Chapter

The West: 1832–1833

Joan D. Hedrick

in Harriet Beecher Stowe

Published in print July 1995 | ISBN: 9780195096392
Published online October 2011 | e-ISBN: 9780199854288 | DOI: http://dx.doi.org/10.1093/acprof:oso/9780195096392.003.0007
The West: 1832–1833

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Henry Ward Beecher was a student at Amherst College when he received the news from Harriet Beecher that Catharine Beecher and their father, Lyman Beecher, had gone out to Cincinnati to assess the prospects for removing the Beecher tribe to western soil. The West of the male imagination was a garden of possibility, an extension of the mission that had drawn the Puritans to the rocky coast of New England. Lyman Beecher understood that the great westward movement of the 19th century was dramatically altering the character of the republic. During the next eighteen months, he and Catharine conspired and planned their campaigns. Just as Lyman Beecher had viewed Catharine's Hartford Female Seminary as a fortress against Episcopalianism in Connecticut, so her female college and his male seminary would be bastions against infidelism and Roman Catholicism in Ohio. Edward Beecher had begun this western campaign by going to Jacksonville, Illinois, to assume the presidency of Illinois College.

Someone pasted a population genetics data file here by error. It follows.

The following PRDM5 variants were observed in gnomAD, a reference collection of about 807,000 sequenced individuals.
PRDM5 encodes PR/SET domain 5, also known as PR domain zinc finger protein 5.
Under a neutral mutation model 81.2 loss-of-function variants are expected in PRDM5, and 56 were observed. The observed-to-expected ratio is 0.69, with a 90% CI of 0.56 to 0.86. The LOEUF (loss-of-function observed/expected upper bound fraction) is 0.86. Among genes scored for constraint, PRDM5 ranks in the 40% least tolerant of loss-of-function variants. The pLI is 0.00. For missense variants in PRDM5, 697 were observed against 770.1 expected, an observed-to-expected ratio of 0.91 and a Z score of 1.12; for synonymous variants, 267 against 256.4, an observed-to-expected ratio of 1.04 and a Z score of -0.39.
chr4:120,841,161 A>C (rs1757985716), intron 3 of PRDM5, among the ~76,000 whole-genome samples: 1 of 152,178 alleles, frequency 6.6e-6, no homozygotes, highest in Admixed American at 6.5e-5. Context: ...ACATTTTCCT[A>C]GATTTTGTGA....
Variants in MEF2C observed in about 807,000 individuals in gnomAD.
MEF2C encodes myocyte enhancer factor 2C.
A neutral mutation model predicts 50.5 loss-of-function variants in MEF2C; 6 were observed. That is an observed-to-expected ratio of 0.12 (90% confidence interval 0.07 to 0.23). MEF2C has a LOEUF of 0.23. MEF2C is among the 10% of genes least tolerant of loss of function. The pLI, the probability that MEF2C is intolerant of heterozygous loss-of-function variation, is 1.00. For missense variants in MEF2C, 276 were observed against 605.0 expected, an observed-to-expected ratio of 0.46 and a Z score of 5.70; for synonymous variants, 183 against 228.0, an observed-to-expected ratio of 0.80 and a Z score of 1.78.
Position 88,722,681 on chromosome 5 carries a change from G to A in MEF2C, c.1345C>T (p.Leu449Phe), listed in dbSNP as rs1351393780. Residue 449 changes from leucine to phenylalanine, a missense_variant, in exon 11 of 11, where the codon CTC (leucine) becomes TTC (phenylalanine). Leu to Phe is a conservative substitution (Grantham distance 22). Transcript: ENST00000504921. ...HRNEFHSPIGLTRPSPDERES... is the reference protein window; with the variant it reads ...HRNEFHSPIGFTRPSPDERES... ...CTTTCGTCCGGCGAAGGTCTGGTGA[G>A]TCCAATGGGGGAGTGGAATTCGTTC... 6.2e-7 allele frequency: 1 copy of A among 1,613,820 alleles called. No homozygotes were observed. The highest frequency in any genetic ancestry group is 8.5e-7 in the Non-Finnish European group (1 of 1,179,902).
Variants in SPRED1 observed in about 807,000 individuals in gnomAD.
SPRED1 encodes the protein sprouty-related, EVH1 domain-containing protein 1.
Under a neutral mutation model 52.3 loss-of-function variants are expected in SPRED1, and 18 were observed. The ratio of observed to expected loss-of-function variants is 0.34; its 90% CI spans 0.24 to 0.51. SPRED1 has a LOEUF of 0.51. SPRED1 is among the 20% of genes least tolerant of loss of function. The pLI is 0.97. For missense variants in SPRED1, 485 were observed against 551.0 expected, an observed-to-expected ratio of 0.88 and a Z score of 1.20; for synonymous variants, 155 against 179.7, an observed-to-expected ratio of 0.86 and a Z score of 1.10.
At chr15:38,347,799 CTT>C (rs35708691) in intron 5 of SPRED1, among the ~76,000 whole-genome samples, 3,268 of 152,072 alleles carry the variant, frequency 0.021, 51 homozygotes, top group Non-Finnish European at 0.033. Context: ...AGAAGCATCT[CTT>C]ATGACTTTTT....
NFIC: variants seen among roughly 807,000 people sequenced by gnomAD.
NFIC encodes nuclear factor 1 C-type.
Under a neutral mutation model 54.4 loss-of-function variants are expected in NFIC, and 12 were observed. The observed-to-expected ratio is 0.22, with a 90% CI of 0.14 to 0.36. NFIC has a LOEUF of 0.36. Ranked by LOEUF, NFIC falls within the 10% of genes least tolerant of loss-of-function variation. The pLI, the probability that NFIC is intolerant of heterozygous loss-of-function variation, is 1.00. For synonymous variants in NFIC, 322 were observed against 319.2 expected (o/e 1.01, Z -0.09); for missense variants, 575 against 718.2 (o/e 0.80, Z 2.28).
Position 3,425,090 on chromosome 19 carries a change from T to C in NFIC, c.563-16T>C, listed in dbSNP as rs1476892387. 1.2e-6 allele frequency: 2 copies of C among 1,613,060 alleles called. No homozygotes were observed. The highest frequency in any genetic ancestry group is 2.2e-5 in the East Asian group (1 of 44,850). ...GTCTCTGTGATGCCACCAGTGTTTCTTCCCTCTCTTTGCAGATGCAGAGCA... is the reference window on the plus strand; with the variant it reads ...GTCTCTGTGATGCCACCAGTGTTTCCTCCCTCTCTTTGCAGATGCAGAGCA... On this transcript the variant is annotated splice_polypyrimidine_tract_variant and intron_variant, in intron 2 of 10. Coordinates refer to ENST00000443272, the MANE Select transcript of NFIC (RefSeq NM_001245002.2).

Keywords: Henry Ward Beecher; Harriet Beecher; Catharine Beecher; Lyman Beecher; West; Hartford Female Seminary

Chapter.  4682 words. 

Subjects: History of the Americas

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